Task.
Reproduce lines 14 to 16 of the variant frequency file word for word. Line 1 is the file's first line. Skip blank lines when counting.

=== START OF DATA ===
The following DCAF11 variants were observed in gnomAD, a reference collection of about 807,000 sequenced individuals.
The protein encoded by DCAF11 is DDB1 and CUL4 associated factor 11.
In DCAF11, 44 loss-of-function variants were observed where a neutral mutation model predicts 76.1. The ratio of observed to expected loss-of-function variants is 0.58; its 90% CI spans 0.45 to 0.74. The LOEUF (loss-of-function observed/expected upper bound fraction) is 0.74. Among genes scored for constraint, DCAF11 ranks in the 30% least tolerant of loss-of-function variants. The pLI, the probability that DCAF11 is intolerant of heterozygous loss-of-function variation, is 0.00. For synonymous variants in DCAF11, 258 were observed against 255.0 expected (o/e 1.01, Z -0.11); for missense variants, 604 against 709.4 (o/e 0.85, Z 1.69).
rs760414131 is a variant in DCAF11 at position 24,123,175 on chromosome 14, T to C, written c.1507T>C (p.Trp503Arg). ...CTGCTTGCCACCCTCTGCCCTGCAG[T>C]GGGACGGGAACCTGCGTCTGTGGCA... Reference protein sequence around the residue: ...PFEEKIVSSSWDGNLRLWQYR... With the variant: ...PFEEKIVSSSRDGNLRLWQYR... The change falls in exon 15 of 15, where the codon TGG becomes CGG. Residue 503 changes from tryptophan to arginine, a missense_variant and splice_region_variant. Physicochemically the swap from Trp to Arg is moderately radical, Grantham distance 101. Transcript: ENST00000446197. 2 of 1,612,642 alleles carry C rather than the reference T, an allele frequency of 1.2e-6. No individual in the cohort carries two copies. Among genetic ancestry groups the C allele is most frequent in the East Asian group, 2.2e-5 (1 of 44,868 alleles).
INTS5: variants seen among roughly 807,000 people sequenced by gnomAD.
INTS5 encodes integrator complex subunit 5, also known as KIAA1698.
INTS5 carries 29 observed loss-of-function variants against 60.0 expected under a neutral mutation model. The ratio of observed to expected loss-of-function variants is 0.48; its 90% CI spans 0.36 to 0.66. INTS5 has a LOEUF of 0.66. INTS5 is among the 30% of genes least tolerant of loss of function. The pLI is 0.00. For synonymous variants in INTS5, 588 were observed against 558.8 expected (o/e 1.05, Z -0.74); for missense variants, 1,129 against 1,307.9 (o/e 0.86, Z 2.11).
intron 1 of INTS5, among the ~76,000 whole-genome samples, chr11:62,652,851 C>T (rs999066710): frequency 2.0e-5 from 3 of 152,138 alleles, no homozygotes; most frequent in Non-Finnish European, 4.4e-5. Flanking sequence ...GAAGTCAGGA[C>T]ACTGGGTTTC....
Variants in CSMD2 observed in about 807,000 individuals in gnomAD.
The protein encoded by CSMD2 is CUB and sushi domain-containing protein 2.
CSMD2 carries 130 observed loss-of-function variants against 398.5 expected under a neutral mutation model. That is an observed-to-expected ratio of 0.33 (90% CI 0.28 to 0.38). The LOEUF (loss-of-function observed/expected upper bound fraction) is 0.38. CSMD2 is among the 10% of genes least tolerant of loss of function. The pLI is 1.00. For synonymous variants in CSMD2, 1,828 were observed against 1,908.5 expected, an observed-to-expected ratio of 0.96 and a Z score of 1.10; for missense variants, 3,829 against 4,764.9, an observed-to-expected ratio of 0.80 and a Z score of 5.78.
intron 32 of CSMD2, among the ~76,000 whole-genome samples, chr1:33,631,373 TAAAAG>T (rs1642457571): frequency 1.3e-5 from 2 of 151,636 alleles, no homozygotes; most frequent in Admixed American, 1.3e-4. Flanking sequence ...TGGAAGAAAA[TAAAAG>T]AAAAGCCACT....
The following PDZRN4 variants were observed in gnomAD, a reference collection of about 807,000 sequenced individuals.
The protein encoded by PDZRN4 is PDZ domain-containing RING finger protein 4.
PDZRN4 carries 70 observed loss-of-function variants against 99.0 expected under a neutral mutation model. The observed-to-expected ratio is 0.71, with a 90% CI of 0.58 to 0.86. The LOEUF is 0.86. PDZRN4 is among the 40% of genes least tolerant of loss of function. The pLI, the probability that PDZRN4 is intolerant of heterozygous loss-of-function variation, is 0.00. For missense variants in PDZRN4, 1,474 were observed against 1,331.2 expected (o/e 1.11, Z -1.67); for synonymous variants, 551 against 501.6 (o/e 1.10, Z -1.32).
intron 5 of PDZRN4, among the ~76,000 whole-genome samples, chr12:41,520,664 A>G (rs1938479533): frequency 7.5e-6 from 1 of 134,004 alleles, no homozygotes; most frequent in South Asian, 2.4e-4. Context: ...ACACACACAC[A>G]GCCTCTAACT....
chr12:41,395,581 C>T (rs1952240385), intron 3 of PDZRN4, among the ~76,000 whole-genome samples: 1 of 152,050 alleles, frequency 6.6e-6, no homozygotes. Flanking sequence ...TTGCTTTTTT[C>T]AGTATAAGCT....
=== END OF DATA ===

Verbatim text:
The protein encoded by PDZRN4 is PDZ domain-containing RING finger protein 4.
PDZRN4 carries 70 observed loss-of-function variants against 99.0 expected under a neutral mutation model. The observed-to-expected ratio is 0.71, with a 90% CI of 0.58 to 0.86. The LOEUF is 0.86. PDZRN4 is among the 40% of genes least tolerant of loss of function. The pLI, the probability that PDZRN4 is intolerant of heterozygous loss-of-function variation, is 0.00. For missense variants in PDZRN4, 1,474 were observed against 1,331.2 expected (o/e 1.11, Z -1.67); for synonymous variants, 551 against 501.6 (o/e 1.10, Z -1.32).
intron 5 of PDZRN4, among the ~76,000 whole-genome samples, chr12:41,520,664 A>G (rs1938479533): frequency 7.5e-6 from 1 of 134,004 alleles, no homozygotes; most frequent in South Asian, 2.4e-4. Context: ...ACACACACAC[A>G]GCCTCTAACT....